Providers - Learn About HPV

Infographic of Immunization Vaccination Themes

Resources for HPV Vaccination Education

Here you can find customized resources to help you to learn more about the HPV virus, HPV-related cancers, HPV vaccination, and eliminating HPV-related diseases as a public health problem.


Eliminating HPV-Related Diseases as a Public Health Problem: Cervical Cancer

This video explains the terminology of control, elimination of disease, elimination of infection, eradication, and extinction. It also shows why HPV and cervical cancer satisfy the necessary pre-conditions for elimination.

We Have a Vaccine That Prevents Cancer

Deanna Kepka from Huntsman Cancer Institute and The University of Utah discusses a vaccine that can prevent cancer.

American Cancer Society Playlist - About HPV

See the 17 videos in this playlist for more information on HPV and related cancers.

HPV Cancer Stories

Shawna, Emily, Jon, and Steve all share their personal stories, from discovering they had HPV-related cancers and going through cancer treatments, to wanting to make sure that no one else has to go through what they went through.


HPV Vaccine is Cancer Prevention

This page contains almost 20 resources and infographics for clinicians and more than 10 for parents, caregivers, and patients.

Answering Questions About HPV Vaccine: A Guide for Dental Professionals

Be ready to accurately answer parents’ questions. Usually, letting parents know that HPV causes oropharyngeal cancer (a form of throat cancer) is enough. If a parent needs more information be ready to address their questions and help them understand why you recommend the HPV vaccine.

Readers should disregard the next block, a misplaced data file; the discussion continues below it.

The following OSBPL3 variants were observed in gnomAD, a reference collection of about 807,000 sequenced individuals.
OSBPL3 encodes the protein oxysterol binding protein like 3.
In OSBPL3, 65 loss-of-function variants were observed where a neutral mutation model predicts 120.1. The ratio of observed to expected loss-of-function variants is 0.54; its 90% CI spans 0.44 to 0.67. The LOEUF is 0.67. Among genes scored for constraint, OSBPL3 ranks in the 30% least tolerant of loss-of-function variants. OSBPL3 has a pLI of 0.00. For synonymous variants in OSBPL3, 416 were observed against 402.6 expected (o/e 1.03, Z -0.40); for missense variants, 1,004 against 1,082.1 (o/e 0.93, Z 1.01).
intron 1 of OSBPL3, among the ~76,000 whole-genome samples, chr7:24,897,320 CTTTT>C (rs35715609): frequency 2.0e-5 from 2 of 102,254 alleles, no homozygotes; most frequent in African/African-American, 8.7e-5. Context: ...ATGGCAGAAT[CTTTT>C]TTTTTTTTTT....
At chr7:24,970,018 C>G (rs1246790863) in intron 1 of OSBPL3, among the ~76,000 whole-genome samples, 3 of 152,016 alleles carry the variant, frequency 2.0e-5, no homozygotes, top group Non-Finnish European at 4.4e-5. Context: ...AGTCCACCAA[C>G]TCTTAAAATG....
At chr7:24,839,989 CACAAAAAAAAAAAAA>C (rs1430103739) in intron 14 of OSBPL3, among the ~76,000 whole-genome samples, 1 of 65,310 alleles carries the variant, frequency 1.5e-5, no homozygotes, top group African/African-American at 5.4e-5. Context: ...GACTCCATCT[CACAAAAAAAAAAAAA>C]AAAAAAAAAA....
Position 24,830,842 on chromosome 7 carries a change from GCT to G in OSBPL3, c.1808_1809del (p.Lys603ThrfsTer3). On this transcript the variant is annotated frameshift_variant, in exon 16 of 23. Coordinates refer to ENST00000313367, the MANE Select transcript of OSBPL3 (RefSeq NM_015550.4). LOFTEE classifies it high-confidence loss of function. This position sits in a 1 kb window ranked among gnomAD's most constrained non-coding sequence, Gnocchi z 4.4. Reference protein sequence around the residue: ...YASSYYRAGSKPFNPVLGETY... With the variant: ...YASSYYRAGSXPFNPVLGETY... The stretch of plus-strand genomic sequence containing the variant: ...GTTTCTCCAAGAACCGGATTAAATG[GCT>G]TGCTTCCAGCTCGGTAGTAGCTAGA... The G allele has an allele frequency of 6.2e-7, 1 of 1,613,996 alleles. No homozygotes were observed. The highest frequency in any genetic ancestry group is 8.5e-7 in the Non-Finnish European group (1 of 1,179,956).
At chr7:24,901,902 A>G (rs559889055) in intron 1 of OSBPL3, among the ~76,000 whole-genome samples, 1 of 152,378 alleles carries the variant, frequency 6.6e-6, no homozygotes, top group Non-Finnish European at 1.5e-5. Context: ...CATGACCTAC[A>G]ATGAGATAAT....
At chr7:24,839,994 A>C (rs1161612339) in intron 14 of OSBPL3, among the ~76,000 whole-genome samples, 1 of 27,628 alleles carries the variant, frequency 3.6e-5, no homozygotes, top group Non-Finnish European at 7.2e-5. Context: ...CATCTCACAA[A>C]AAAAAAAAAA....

Oropharyngeal Cancer (OPC) and HPV Prevention in Children

OPC is also known as squamous cell carcinoma of the pharynx, including the base of the tongue and tonsils. The incidence of OPC has overtaken that of cervical cancer. Be sure to screen your patients for oral cavity and oropharyngeal cancers.

Practitioner HPV Fact Sheet

The Human Papillomavirus (HPV) family is a group of viruses with strains that can be divided into low and high-risk types. When the virus is not cleared, as is the case in 1-2% of instances, the persistence of the virus can put people at risk for the development of low- risk papillomas or high-risk cancers.

Cervical Cancer Fact Sheet

Cancer is always named for the part of the body where it starts, even if it spreads to other body parts later. When cancer starts in the cervix, it is called cervical cancer.

Additional Resources

Additional Resources for Health Professionals

See additional resources for health professionals on the HPV Roundtable website.